- The Washington Times - Thursday, April 19, 2007

In the fast lane

Former Massachusetts governor and 2008 presidential contender Mitt Romney says it’s not unusual for governors to be driven by state troopers at high speeds, as was the case with New Jersey Gov. Jon Corzine, who remains hospitalized in critical condition after his 91-mph crash on the Garden State Parkway.

During dinner-table conversation in Washington on Wednesday night, when he was presented with the annual Ronald Reagan Award by Frontiers of Freedom, Mr. Romney said these days when he climbs behind the wheel and drives at 65 mph “I feel like I am going slow.”

Haunted fields

“Ancestors of mine fought on both sides of the Civil War,” recalls Sen. James H. Webb Jr., Virginia Democrat, “including William Jewell, who was wounded in the Battle of Cedar Mountain in Culpeper County, Virginia, wounded again at Antietam, and was finally killed in action at Chancellorsville on May 3, 1863.”

As the freshman senator puts it: “It is not every day you can visit these battlefield sites and have an immediate, direct connection with your ancestors.”

Equating such battlefields to “outdoor classrooms,” Mr. Webb, a former secretary of the Navy, warned senators this week that more than 200,000 acres of “significant” battlefield land is now threatened by development. To prevent their loss, he urged his colleagues to fully fund the Civil War Battlefield Protection Program, an arm of the National Park Service.

“But for the preservation program and their partners with the Civil War Preservation Trust, we would have lost key sites from such national shrines at Antietam, Chancellorsville, Fredericksburg, Manassas, Harpers Ferry, Bentonville, Mansfield and Champion Hill. Their names still haunt us to this day,” Mr. Webb noted.

“Had the [preservation program] not intervened, the sites would have been lost forever to commercial and residential development.”

Controversy sidelined

Without specifically mentioning Don Imus and the controversy that has been swirling around their basketball team, the U.S. Senate this week approved a resolution commending the achievements of the Rutgers University Lady Scarlet Knights.

The senators applauded the “character and integrity” of the players and their coaches without rehashing the fired radio host’s attack on the team’s race and sex. The resolution praised the Lady Knights for their 27-9 season record, their upset of top-seeded University of Connecticut for their first-ever Big East Championship title, and for reaching the NCAA championship title game.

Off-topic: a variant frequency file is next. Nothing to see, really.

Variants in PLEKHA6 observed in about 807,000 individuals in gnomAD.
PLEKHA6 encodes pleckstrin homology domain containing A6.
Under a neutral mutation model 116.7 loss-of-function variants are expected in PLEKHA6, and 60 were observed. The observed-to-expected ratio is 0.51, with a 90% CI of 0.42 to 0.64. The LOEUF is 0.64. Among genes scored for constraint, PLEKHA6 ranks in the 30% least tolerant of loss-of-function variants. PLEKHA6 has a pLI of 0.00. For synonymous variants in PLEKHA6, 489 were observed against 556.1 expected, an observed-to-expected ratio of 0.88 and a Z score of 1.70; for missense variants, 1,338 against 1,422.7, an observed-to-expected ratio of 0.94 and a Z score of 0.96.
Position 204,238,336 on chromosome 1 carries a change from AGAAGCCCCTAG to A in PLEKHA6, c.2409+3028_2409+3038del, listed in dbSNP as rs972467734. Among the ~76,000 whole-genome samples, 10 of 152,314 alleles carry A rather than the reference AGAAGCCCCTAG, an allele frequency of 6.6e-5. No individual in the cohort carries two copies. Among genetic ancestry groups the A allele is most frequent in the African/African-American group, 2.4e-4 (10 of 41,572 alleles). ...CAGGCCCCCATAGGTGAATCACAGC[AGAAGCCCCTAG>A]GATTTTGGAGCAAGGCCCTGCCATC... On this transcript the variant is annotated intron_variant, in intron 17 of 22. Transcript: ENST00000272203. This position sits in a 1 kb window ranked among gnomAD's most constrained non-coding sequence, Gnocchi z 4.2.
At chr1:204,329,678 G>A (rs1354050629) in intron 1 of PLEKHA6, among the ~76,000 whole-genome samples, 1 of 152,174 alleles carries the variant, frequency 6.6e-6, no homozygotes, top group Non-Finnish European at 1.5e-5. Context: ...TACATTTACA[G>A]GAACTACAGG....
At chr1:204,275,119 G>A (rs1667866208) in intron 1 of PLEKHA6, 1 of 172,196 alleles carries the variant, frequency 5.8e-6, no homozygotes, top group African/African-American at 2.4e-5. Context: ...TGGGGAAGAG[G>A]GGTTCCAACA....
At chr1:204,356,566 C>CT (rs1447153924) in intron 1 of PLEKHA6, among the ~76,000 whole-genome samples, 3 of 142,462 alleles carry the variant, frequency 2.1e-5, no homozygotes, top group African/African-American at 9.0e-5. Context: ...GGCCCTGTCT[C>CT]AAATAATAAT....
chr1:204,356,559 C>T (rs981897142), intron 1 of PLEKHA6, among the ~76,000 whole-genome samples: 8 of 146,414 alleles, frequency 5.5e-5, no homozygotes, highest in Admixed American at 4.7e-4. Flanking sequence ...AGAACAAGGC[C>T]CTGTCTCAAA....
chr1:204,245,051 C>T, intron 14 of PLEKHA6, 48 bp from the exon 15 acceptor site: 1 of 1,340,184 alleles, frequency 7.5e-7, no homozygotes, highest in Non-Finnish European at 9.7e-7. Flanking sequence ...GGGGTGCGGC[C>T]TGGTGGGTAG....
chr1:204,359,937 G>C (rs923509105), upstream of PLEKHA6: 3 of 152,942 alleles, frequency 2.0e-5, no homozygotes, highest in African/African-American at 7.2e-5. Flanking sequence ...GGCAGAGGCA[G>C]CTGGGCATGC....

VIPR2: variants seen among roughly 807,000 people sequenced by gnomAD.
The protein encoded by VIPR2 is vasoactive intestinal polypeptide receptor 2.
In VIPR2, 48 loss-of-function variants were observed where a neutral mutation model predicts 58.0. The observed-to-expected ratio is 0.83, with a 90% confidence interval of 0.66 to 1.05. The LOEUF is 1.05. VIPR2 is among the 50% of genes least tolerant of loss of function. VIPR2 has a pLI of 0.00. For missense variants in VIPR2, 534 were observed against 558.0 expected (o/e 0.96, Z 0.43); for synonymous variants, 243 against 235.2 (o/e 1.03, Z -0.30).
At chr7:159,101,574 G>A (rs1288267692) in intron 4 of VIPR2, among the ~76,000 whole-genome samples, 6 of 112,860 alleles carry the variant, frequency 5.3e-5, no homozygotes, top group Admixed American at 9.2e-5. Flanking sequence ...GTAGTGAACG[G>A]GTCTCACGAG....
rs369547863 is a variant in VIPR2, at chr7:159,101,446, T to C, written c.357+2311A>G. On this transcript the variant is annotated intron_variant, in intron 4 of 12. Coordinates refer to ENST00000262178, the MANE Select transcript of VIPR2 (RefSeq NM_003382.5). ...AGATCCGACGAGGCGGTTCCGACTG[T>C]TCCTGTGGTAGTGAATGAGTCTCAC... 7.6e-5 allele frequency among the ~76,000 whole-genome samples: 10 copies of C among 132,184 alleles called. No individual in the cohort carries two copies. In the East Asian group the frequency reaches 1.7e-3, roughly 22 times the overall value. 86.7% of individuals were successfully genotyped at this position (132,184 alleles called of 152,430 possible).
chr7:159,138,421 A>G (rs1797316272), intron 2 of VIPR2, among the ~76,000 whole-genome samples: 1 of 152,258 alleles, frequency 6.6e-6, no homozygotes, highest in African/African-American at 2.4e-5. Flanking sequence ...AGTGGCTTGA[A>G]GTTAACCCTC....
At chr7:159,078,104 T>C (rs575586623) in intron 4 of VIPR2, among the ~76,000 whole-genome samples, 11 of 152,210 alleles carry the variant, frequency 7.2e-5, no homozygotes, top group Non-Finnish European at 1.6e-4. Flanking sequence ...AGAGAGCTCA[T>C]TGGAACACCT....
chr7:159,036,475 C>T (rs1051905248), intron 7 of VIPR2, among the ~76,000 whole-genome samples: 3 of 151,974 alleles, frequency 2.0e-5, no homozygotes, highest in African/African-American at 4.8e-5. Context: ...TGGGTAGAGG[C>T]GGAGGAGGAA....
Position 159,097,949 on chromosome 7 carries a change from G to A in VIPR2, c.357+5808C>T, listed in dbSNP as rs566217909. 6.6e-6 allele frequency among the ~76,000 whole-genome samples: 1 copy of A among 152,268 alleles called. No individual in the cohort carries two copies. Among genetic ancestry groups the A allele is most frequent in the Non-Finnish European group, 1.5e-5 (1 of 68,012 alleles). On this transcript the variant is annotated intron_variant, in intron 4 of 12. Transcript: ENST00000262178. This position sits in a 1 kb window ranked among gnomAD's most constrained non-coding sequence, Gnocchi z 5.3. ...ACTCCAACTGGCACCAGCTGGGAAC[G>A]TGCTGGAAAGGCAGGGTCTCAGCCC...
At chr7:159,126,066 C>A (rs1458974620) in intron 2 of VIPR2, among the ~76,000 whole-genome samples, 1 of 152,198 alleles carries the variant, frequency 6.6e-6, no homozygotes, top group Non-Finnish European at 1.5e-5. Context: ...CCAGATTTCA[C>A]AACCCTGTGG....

Another shopper

It appears that former Virginia Gov. James S. Gilmore III, a Republican — if he indeed seeks the presidency in 2008 — will be taking a conservative path to the White House.

Mr. Gilmore’s presidential exploratory committee has just brought aboard Tom Readmond of Roberts, Raheb & Gradler LLC, a former staff member of both conservative activist Grover Norquist and former Sen. Phil Gramm, Texas Republican.

Earlier this year, Mr. Gilmore announced that he was creating a presidential exploratory committee, and says he will decide in the near future whether to formally announce a presidential campaign. However, as critical as face and name recognition is in a presidential contest, he’d better decide soon.

Come to think of it, this columnist recently spotted Mr. Gilmore alone in the checkout line at the Safeway in Old Town, and not a single person paid him any attention.

Worth the wait

We touched yesterday on George Mason University’s “Sextravaganza 2007,” an annual sex-education day that promotes safe sex through all forms of birth control — including abstinence.

Since then, we’ve received word from college students on the Harvard University campus who are embracing a new sexual revolution — the True Love Revolution (TLR) — albeit this revolution promotes abstinence.

In February, TLR members sent valentines to all freshman women at Harvard that read: “Why wait? Because you’re worth it.”

John McCaslin, whose column is nationally syndicated, can be reached at 202/636-3284 or jmccaslin@washingtontimes.com.

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